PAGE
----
So I did, and eventually, I drifted off to sleep, my little Lulu cuddling beside me in my hubbies spot as I let him fall asleep in front of the TV.

The next morning I woke up, the partially closed bedroom door letting me know he’d already been up and had gotten dressed in the room across the hall, being quiet to not wake me. “Lulu, do you want to take the elevator?” I asked her, as she stood on the edge of the bed wagging her tail and waiting for me to carry her to the floor.

She scampered to the living room, looking around for her daddy as she did every other morning we fell asleep in bed while Dennis slept in front of the TV. I made our coffee and his toast, and she circled excitedly in front of the back door while I put on my white parka and green rubber boots to bring him breakfast at the shop.

I found him in the workshop area, chatting with his two employees. They drifted away when Dennis finished his sentence, knowing he’d be focusing on me for the next few minutes. My husband looked quizzically into my eyes, knowing I’d gone to bed upset and wondering what my mood would be. I chose normal.

“Here you are baby,” I said, handing him the travel mug and offering a kiss. He kissed my lips, pulling back to check my temperature again. I smiled and planted another kiss on his lips.

“Oh baby, I missed your cuddles last night! I missed being the middle spoon between you and Lulu” he said sweetly, knowing that three of my favourite words from him are I miss you. I smiled larger and we kissed some more, melting the uncertainty that was weighing the air between us.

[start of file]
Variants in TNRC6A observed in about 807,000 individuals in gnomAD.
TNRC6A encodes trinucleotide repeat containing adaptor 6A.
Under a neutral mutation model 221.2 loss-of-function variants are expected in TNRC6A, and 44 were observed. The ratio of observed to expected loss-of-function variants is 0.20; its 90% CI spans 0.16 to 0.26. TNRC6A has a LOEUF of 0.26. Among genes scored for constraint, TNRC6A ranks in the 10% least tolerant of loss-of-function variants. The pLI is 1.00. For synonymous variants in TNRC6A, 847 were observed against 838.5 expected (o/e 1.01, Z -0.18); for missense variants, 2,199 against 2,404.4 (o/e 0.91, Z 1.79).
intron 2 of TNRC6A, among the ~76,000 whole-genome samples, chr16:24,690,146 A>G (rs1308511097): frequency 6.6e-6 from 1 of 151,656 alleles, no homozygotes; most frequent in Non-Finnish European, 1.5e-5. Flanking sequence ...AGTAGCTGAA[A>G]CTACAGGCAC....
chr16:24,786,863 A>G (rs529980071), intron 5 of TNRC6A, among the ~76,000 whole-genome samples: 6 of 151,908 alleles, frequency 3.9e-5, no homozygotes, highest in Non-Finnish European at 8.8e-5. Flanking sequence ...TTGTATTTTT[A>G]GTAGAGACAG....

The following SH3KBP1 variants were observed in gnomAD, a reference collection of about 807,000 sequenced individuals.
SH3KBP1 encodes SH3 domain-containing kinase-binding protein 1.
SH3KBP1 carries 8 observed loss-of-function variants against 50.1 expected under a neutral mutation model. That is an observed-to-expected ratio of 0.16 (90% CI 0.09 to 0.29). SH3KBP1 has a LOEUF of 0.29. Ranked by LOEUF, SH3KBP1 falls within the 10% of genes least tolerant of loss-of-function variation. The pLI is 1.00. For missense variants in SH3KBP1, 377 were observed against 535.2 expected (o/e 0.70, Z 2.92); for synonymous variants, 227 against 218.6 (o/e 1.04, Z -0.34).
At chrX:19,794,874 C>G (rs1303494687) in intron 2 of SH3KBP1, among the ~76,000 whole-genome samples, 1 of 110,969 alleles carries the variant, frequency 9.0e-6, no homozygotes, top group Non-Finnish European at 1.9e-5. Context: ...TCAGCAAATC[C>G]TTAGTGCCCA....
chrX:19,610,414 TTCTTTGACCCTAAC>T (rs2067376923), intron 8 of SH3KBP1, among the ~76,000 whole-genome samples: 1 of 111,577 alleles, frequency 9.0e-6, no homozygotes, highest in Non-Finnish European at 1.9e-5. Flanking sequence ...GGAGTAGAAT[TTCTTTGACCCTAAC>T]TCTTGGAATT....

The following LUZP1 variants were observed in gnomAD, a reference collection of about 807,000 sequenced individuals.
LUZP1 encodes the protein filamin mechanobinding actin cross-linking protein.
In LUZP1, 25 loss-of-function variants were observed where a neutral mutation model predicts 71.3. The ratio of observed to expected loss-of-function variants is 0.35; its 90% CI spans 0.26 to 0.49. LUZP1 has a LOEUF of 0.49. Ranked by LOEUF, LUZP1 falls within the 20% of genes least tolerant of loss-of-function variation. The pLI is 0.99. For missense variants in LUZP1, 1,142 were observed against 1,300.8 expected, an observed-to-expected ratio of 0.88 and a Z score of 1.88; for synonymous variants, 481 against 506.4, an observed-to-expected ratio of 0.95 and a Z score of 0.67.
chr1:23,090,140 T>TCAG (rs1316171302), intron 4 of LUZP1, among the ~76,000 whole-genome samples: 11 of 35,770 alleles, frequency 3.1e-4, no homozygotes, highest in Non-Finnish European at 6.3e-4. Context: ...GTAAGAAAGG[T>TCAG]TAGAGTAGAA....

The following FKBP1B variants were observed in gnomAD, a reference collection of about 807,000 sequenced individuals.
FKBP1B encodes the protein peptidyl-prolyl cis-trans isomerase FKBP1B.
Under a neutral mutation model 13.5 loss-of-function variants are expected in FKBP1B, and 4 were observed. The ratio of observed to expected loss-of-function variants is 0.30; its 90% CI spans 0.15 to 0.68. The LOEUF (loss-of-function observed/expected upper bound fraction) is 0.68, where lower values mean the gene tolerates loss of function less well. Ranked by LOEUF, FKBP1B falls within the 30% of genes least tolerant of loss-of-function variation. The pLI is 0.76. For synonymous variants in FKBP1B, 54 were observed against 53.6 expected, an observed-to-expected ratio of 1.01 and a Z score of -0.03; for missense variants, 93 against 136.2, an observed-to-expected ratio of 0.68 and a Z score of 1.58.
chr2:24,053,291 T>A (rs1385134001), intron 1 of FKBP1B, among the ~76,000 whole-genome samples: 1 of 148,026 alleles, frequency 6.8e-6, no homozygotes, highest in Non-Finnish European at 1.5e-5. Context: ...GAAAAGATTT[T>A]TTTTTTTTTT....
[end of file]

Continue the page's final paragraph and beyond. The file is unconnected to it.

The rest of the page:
I wanted him to understand that we could have moments, and they could pass into the ether without disrupting the stream of goodness that was growing between us. That we didn’t need to interrupt our collective history of non-fighting.

That yes, I might get offended sometimes, but I could come back to normal without making him pay for the shitstorm my brain whipped up from time to time. That I could make my way past the ruckus and come back to the fact that, hey, sometimes people have blips, but ultimately everything is going to be okay.

I wanted to show him that I’d still love him, and it would show in my actions. That I favoured his peace of mind over fighting, and that I had my own peace of mind well in hand. I wanted him to see that no matter what, he could predict that I’d still care enough about his needs to make him toast and coffee in the morning. I wanted his brain to understand that I cared more about him than I did about my ego.

I wanted him to know that everything was going to be okay.


Here’s what you can do going forward:  

Grab a copy of Fix That Shit and find the deep peace and intimacy that’s just waiting to be uncovered in your relationship. Everything I did to bring us from the brink of divorce to marital bliss, punctuated by years without a single fight is in there.




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Chantal Heide – Canada’s Dating Coach

Chantal Heide is an Author and Motivational Speaker, focusing on dating and relationship building. Her books Dating 101, Comeback Queen, Fake Love Need Not Apply, No More Assholes, After The First Kiss, Fix That Shit, Say Yes To Goodness, and Custom Made (available on this website, Amazon, and your favorite online book retailer) help her readers attract the love they’re looking for, regardless of their starting point . View her BOOKS page for more information. Be sure to check out more free advice on Facebook, YouTube, and Itunes, as well as fun tidbits about her life on Instagram and Twitter.